New York Daily News

September 5, 2002

Cops get an 11.5% pay boost

State panel nixes plan for extra work shifts

By MICHELE McPHEE and MICHAEL SAUL
DAILY NEWS STAFF WRITERS

A state arbitration panel has granted cops an 11.5% raise over two years while scrapping a proposal to make New York's Finest work an extra 10 days a year — bringing a surprise ending to a long, bitter contract fight.

The Patrolmen's Benevolent Association claimed a modest victory as Mayor Bloomberg blasted the unexpected nixing of plans for extra shifts — calling it a "missed opportunity" that could have made streets safer and brought cops more money.

"The police officers are going to come out with less and the public is going to get less," the mayor said. "And it should not have come out this way."

Last month, it appeared the state arbitration panel, whose decision is binding, was going to give police a 14% raise over 30 months. That proposal would have reduced a cop's daily work shift by 20 minutes, but added 10 extra workdays a year.

Bloomberg favored the plan, but it was slammed by the union and spurred brief talk of a Labor Day walkout. Thousands of cops eventually rallied in Times Square against the deal.

It wasn't immediately clear what caused the three-member panel to change its decision.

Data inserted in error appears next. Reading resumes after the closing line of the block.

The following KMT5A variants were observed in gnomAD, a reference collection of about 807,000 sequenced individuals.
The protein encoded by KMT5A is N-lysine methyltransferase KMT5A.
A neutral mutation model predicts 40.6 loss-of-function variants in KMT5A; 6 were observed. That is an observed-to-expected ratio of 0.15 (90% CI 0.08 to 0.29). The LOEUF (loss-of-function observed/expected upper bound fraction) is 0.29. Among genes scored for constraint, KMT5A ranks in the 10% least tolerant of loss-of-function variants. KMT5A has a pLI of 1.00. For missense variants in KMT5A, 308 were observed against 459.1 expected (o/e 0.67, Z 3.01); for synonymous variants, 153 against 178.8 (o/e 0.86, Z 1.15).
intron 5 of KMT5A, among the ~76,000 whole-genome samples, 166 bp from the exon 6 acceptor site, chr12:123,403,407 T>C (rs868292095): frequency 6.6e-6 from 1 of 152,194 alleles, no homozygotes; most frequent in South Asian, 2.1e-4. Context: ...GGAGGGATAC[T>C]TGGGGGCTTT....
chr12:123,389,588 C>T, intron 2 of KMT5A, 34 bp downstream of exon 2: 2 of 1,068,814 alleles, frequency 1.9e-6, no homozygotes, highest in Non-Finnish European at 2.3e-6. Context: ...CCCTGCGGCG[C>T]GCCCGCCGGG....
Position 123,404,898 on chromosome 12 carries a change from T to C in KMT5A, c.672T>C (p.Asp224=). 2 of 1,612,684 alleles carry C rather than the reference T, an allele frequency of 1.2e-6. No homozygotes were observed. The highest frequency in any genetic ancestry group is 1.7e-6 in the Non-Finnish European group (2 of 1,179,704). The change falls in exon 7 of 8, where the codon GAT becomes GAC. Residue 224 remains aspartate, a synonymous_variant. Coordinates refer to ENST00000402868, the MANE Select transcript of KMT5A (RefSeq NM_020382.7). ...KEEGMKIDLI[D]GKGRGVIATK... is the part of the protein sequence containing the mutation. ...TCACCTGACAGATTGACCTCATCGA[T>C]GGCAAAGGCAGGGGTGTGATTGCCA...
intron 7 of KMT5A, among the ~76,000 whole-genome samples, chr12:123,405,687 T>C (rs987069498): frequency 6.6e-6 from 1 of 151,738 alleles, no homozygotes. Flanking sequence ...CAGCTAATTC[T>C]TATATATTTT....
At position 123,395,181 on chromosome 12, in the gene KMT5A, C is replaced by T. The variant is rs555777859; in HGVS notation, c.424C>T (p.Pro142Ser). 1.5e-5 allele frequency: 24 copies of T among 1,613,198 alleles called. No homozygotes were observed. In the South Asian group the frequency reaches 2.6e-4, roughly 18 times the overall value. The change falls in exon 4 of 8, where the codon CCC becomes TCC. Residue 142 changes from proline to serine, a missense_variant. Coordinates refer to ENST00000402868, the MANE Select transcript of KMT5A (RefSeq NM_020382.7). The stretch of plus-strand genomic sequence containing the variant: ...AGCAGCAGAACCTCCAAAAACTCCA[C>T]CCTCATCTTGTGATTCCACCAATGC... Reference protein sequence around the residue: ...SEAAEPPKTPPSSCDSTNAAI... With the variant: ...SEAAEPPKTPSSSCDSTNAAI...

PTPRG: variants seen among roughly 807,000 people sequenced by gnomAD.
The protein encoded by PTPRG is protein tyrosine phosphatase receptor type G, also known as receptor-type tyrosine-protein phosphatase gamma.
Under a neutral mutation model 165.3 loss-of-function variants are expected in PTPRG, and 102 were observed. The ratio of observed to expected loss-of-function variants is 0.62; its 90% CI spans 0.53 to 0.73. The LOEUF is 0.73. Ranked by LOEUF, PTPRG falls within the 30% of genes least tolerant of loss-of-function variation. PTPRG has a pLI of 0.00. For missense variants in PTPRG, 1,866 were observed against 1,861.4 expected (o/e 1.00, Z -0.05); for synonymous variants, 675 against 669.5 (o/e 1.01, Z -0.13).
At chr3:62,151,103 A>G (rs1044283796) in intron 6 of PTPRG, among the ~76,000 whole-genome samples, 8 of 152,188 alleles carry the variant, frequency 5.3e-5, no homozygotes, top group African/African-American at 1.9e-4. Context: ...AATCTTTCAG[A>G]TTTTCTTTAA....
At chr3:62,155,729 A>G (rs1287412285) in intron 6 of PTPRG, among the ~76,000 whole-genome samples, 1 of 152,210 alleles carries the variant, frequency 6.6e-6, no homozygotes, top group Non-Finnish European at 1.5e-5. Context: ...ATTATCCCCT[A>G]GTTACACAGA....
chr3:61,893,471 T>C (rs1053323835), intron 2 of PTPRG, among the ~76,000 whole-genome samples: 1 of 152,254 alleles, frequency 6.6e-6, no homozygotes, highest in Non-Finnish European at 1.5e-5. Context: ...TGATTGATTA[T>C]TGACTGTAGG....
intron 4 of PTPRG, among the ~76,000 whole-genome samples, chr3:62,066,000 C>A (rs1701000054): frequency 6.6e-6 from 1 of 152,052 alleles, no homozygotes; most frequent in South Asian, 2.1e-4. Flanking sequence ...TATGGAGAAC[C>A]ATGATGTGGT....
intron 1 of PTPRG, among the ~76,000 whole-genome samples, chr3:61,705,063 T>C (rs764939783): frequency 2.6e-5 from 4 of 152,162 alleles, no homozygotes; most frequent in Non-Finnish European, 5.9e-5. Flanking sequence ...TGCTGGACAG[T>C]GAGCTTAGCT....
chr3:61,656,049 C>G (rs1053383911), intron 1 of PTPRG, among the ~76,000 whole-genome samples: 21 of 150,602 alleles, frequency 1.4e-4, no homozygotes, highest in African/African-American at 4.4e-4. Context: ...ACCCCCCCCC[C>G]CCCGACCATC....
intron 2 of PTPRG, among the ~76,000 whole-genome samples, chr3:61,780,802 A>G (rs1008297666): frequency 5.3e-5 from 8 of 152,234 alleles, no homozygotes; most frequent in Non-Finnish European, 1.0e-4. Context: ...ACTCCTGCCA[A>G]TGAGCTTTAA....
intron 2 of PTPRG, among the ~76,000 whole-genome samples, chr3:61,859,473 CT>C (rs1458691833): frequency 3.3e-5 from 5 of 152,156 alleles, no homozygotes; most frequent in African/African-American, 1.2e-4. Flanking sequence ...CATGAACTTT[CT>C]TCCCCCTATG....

Dana Eischen, chairman of the panel, whose other members include representatives of the mayor and the Patrolmen's Benevolent Association, did not return calls.

'Terrible advice'

The mayor said his representative wouldn't sign off on the deal, which required the approval of two of the three panel members.

"I don't know what got [Eischen] to change his mind, but whoever he listened to gave him terrible advice," he said.

Bloomberg said the Patrolmen's Benevolent Association will now get "exactly to the penny" what former Mayor Rudy Giuliani offered last year.

Association President Patrick Lynch, who was seeking a 23% raise for his membership, said yesterday cops did not get "all the money we deserve."

But he praised the outcome as superior to the original offer because there are "zero givebacks."

"They wanted us to work 10 additional days — that's two more weeks — or have our police officers on the streets for 16 hours," he said. "That would have been deadly for us and for the city. And, on top of that, they wanted to undervalue us for our time."

"The mayor not signing off on this shows exactly how mad the city is. If this was a loss to the PBA, why wouldn't the city sign it?" Lynch added. "The mayor has never negotiated with us. He should put his money where his mouth is."

Police, who have been without a contract for two years, have long been bitter over salaries that pale in comparison to other big-city departments. Their anger also was stoked over what they saw as a lack of gratitude by City Hall for their role in the record reduction in crime.

New York City rookies make about $31,000 per year, and the peak base salary is $49,000.

Bloomberg said city employees need to agree to productivity changes in exchange for raises. This year, the teachers reached a deal that gave them a 16% raise over 30 months for working 20 more minutes a day.

"We thought we came up with a way, like we did with the teachers, to get [cops] more money," Bloomberg said. "The PBA said no — they would rather not have any productivity enhancements."

The ruling is expected to set the standard for the city's contract negotiations with firefighters, who are on roughly the same pay scale as cops.